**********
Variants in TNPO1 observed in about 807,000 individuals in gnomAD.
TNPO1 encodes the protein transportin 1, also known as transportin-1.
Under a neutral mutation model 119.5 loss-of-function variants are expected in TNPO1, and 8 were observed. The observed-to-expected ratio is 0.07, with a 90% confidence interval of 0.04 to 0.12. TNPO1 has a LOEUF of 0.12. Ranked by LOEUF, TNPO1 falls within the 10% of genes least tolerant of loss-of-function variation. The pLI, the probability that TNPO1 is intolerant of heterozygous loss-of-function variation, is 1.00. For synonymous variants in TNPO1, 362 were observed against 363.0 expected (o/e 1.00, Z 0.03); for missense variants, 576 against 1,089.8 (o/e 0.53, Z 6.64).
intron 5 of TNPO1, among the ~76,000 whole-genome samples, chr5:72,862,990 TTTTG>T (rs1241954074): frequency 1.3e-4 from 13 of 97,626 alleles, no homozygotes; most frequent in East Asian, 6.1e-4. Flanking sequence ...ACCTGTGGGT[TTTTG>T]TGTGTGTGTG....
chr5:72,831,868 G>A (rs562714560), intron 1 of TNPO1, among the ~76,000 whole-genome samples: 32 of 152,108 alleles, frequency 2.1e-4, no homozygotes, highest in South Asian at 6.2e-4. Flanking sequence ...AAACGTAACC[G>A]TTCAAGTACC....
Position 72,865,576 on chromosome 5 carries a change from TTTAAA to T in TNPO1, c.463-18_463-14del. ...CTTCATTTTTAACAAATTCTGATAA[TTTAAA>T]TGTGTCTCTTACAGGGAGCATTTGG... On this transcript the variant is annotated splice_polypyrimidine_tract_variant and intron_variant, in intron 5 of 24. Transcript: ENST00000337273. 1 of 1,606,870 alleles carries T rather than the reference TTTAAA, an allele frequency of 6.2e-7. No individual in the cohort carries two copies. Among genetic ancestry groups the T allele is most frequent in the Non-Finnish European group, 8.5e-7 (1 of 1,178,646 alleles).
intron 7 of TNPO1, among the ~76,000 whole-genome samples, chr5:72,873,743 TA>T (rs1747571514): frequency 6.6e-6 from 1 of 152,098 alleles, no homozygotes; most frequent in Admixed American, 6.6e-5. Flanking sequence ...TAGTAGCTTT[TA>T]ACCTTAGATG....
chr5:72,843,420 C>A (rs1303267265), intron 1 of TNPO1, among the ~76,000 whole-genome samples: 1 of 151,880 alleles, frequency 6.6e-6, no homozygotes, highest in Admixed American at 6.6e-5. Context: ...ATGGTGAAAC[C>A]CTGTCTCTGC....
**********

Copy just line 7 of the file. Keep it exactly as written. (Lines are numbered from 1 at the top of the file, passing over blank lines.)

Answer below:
intron 7 of TNPO1, among the ~76,000 whole-genome samples, chr5:72,873,743 TA>T (rs1747571514): frequency 6.6e-6 from 1 of 152,098 alleles, no homozygotes; most frequent in Admixed American, 6.6e-5. Flanking sequence ...TAGTAGCTTT[TA>T]ACCTTAGATG....